Promising new vaccine triggers immune system to fight brain cancer

3 min read

A new personalised vaccine can trigger the body’s own immune system to attack the most aggressive form of brain cancer, early studies suggest.

The first human trial of the mRNA vaccine, tested on four patients, found it triggers a strong immune response to fight aggressive glioblastoma (GBM).

Developed by researchers from the University of Florida, the vaccine reprogrammed the immune system to attack the cancer, with an immune response found just two days after the vaccine was given. The breakthrough means the vaccine can now be tested on a larger group of patients and 24 people will be recruited to the next part of the trial.

The most commonly diagnosed high-grade brain tumour in adults, GBM has an average survival of just 12-18 months. The current standard of care involves surgery, radiotherapy and chemotherapy.

Brain scan showing a GBM tumour
Brain scan showing a GBM tumour


Researchers say the discovery represents a potential new way to activate the immune system to fight notoriously treatment-resistant cancers using an iteration of mRNA technology similar to COVID-19 vaccines, but with two main differences: the use of a patient’s own tumour cells to create a personalised vaccine and a newly engineered complex delivery mechanism within the vaccine.

In the trial, genetic material called RNA was extracted from each patient’s tumour, and then messenger RNA, or mRNA – the blueprint of what is inside every cell, including tumour cells – was amplified. It was then wrapped in the newly designed vaccine to make tumour cells look like a dangerous virus when reinjected into the bloodstream and prompt an immune-system response.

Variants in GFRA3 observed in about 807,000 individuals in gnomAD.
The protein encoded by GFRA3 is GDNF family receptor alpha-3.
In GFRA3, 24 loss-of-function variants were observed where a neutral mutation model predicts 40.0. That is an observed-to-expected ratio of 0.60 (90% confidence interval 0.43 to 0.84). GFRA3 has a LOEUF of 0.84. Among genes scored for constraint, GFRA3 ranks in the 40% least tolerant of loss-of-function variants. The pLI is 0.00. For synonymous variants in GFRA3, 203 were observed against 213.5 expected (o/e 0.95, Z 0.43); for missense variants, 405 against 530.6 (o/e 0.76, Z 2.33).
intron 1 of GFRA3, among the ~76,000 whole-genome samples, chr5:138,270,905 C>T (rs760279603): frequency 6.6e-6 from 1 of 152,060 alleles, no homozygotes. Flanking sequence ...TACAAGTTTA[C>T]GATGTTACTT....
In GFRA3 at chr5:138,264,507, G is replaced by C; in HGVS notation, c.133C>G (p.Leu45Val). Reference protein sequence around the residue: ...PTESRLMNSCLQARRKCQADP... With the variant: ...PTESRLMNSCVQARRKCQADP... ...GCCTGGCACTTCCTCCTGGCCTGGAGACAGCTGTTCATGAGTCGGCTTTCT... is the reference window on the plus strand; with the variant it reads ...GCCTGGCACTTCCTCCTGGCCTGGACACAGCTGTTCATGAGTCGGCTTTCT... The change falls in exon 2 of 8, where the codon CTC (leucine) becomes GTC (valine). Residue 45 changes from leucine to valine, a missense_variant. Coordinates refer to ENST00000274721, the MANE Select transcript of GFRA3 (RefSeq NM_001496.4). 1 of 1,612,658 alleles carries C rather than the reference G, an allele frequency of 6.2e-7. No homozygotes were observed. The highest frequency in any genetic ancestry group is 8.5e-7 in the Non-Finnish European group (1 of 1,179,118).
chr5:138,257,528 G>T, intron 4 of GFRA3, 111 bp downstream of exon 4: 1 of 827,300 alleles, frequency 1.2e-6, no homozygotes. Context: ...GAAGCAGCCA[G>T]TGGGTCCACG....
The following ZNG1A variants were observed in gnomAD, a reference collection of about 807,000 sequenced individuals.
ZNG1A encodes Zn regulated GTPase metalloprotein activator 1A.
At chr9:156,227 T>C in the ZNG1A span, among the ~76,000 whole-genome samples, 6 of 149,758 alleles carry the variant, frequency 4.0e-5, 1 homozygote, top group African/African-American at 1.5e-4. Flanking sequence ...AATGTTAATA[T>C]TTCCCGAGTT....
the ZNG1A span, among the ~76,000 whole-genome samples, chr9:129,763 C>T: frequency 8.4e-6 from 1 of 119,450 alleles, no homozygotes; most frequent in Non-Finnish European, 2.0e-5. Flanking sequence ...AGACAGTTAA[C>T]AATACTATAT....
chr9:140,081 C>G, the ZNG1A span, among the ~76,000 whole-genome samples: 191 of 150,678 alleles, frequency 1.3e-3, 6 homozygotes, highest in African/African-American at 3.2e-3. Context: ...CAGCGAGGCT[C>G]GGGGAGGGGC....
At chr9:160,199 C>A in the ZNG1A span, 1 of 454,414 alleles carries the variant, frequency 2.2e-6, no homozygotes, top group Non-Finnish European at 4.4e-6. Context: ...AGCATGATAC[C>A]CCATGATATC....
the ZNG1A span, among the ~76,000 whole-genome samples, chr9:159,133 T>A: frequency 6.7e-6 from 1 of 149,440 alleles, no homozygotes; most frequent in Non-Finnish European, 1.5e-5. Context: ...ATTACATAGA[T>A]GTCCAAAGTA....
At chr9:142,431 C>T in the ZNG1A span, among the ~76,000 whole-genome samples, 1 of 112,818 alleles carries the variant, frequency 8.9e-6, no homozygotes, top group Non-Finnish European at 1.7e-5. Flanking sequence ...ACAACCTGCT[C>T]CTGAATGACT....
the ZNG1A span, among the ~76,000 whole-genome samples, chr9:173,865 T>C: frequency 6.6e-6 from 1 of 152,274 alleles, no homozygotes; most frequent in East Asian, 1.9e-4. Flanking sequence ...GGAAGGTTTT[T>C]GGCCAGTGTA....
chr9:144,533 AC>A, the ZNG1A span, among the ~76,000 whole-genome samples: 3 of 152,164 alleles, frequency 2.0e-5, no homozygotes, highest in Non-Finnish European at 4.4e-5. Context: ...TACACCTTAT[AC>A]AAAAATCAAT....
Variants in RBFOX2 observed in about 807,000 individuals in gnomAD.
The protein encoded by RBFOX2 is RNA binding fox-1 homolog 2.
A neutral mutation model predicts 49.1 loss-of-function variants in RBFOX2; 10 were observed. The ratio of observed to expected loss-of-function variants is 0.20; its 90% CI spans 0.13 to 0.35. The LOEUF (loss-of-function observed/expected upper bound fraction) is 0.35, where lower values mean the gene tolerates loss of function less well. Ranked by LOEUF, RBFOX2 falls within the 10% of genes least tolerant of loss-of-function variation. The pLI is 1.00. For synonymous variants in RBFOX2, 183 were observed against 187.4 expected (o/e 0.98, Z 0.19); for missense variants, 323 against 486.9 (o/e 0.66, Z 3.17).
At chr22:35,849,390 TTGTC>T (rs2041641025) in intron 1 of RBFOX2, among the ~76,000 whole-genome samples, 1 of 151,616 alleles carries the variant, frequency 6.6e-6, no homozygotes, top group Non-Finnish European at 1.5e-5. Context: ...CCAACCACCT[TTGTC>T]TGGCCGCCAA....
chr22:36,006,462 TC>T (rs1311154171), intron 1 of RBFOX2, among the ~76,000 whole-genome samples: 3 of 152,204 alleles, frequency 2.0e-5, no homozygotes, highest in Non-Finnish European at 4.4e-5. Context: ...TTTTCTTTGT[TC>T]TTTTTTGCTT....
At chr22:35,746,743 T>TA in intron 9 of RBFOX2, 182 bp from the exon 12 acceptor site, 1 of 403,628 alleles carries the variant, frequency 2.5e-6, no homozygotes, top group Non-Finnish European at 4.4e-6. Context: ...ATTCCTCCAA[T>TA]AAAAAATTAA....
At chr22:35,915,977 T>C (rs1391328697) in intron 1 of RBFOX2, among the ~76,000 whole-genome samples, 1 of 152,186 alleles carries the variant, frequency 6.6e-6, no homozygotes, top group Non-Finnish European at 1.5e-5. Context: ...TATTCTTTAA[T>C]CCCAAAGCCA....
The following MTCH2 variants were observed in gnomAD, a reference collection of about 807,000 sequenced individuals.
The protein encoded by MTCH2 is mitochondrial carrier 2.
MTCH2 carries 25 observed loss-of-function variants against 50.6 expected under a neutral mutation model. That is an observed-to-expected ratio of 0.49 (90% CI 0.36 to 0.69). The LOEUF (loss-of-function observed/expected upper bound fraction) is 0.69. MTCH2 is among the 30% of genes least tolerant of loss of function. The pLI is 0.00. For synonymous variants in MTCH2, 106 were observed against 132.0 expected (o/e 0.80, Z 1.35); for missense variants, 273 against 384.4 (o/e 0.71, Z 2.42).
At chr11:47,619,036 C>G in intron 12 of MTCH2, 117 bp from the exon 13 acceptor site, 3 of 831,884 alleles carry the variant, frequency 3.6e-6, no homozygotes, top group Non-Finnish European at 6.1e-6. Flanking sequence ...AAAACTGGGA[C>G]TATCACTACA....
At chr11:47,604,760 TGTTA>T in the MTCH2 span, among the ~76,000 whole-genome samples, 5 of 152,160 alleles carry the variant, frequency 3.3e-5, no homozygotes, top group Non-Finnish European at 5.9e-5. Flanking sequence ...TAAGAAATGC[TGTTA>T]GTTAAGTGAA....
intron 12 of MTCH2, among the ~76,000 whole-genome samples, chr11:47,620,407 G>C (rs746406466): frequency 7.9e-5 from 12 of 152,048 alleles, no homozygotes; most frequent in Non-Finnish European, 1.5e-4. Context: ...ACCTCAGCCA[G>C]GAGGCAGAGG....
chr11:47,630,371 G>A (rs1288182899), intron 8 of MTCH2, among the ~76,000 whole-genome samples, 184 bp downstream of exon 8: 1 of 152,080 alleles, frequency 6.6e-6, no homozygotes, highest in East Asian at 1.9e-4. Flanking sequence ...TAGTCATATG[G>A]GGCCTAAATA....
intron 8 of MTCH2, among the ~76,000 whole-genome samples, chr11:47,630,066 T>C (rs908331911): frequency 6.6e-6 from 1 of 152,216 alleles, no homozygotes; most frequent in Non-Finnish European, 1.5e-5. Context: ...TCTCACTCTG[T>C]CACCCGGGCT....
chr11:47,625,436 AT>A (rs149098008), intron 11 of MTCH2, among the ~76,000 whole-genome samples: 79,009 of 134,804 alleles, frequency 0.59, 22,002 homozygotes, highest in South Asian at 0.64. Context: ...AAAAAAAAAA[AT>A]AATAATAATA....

It is too early to assess the clinical effects of the vaccine, but patients in the trial either lived disease-free longer than expected or survived longer than expected.

Dr Karen Noble, our Director of Research, Policy and Innovation, said: “More than 3,000 people are diagnosed with a GBM in the UK every year. This devastating form of cancer is notoriously difficult to treat, the options are very limited and there is no cure. News of this potential breakthrough and the fact it can now progress to a larger clinical trial is therefore hugely exciting for our community. The route to potential new treatments like this vaccine is underpinned by early-stage discovery research, like the work we are funding at our Centres of Excellence. This holds the key to unlocking a cure for GBM and all types of brain tumours.”

The research is published in the journal Cell and comes after the trial for the world’s first personalised mRNA cancer jab for melanoma was announced. The melanoma vaccine is now in final phase 3 trials led by University College London Hospitals NHS Foundation Trust.

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